Anguish is not analysis

Andrew Sullivan is deeply disturbed by reports he has read regarding instances of torture (the real, old-fashioned kind) at U.S. detention facilities. And it sounds like he should be. But his distress clouds his reason in his Sunday Times of London piece about Alberto Gonzales. Sullivan criticizes Gonzales for writing a memo in which he argued that al-Qaeda prisioners do not qualify for protection under the Geneva conventions and that, in any case, the president has the authority to overrule those conventions. He then argues that, although the president, “exercising the powers granted him by Gonzales,” decided he would grant terror war prisoners Geneva protection, he made it clear that they were “scum.” This “mixed message,” says Sullivan, has led to the use of torture at U.S. detention facilities.
Even taking Sullivan’s anguish into account, it’s difficult to understand how he could be so confused. The only torture-related issue relevant to Gonzales is whether his legal advice on the issues he addressed was sound. If it was, then it is irrelevant, for purposes of his confirmation, what occurred after he gave the advice, either in terms of excecutive policy decisions or actions taken in the field. And Sullivan never disputes Gonzales’ legal conclusions, much less attempts to show they are legally incorrect.
In this regard, note Sullivan’s comment “the president, exercising the powers granted to him by Gonzales, nevertheless decided he would grant all terror war prisoners Geneva protection — at his discretion.” Surely Sullvan understands that Gonzales was not granting powers to the president, he was merely telling the president, at the president’s request, what powers he thought were granted under the law. Again, there is no issue here until it is demonstrated that Gonzales’ opinions were legally incorrect. And even at that point, the problem would be that Gonzales misinterpreted the law, not that he granted powers to the president.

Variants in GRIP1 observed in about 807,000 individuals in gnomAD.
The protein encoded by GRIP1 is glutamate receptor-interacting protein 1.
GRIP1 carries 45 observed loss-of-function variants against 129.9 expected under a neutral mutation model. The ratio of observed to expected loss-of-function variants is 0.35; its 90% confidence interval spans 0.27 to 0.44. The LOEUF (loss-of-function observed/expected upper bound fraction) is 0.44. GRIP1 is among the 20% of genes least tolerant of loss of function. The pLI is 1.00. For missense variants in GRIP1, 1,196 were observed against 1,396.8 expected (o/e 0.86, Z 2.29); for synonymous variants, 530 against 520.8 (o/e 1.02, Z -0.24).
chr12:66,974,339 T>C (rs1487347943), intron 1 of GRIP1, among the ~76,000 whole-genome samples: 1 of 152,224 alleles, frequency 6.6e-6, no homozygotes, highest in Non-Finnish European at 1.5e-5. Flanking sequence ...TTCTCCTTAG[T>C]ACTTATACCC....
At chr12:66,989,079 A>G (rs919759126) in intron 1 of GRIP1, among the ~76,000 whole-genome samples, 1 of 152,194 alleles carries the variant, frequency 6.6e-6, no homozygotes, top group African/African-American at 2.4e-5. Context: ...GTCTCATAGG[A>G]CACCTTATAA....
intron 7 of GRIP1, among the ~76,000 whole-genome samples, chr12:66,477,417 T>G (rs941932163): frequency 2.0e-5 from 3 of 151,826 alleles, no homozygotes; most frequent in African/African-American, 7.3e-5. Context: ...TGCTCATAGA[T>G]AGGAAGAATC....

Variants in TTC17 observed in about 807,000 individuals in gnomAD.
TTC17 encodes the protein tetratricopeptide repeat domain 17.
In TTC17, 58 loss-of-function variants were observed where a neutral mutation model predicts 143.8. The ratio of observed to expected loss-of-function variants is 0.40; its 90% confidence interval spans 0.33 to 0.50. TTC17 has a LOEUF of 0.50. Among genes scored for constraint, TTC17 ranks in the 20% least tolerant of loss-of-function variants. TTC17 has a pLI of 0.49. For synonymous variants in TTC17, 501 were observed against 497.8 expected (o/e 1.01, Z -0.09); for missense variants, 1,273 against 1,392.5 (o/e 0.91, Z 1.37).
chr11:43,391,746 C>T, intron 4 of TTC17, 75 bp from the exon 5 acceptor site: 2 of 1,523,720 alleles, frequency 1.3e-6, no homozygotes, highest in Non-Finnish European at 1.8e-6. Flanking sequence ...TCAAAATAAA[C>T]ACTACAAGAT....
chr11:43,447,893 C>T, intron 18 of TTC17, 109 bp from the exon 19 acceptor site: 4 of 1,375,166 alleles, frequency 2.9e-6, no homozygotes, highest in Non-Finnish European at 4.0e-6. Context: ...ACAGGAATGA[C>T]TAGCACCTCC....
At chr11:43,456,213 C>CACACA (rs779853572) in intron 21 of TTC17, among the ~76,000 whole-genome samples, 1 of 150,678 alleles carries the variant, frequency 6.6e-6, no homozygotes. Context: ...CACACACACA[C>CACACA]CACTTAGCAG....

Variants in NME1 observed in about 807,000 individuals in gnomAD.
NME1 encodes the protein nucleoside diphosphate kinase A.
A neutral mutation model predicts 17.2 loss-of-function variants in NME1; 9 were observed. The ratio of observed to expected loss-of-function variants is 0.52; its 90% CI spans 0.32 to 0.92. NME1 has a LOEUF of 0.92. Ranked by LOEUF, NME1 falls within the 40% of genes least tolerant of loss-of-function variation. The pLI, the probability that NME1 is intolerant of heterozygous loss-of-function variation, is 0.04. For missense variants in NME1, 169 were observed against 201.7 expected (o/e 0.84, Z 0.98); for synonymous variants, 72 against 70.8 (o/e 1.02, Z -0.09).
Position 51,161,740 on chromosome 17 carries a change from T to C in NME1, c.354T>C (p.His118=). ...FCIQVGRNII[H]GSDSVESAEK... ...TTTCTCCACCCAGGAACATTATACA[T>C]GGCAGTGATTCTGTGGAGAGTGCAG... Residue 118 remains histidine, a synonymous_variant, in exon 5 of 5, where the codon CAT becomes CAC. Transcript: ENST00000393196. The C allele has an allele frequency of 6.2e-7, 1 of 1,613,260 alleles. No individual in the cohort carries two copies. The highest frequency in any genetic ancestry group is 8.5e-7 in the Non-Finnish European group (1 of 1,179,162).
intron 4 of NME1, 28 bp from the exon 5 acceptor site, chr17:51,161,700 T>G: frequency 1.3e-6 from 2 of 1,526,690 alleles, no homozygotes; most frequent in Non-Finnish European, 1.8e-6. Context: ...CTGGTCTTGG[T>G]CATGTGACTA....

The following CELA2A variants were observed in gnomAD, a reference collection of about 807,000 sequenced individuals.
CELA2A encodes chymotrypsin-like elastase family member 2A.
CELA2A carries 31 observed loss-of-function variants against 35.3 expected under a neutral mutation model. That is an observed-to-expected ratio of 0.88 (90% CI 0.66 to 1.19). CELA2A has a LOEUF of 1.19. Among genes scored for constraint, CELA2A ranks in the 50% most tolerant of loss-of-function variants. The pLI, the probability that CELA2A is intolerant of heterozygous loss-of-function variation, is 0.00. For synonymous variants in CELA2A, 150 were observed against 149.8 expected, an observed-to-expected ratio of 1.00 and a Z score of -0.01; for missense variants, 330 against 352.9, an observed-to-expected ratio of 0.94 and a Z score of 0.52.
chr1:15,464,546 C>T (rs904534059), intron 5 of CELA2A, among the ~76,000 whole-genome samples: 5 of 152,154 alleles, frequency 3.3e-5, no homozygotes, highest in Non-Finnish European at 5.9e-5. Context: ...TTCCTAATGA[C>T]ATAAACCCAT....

Next, consider Sullivan’s claim that, when Bush signaled that the prisoners were scum but should be treated humanely nonetheless, he sent a “mixed message” that has resulted in instances of torture all over the world. This argument, again, has nothing to do with Gonzales, who provided legal advice and neither formulated policy nor sent signals about whether known and suspected terrorists are “scum.” That aside, it would be interesting to know what kind of statements Bush would have to make about known and suspected terrorists in order to send the kind of message that would exempt him, in Sullivan’s mind, from abuses committed in the field. I doubt that any true utterances about these prisoners would qualify. The reality is that these folks are different from traditional prisoners of war in ways that raise legitimate questions about whether they should be treated the same as traditional POWs in all respects. The mere acts of acknowledging that reality and tackling these questions, whether as a legal or a policy matter, does not make one guilty of setting the stage for all manner of barbaric abuses.
Rich Lowry address some of these same themes. Lowry agrees that “in the Gonzales fight, Democrats make, once again, their lack of seriousness in the war on terror plain.” Thus, “the Bush administration should relish waging the battle for its nominee.”


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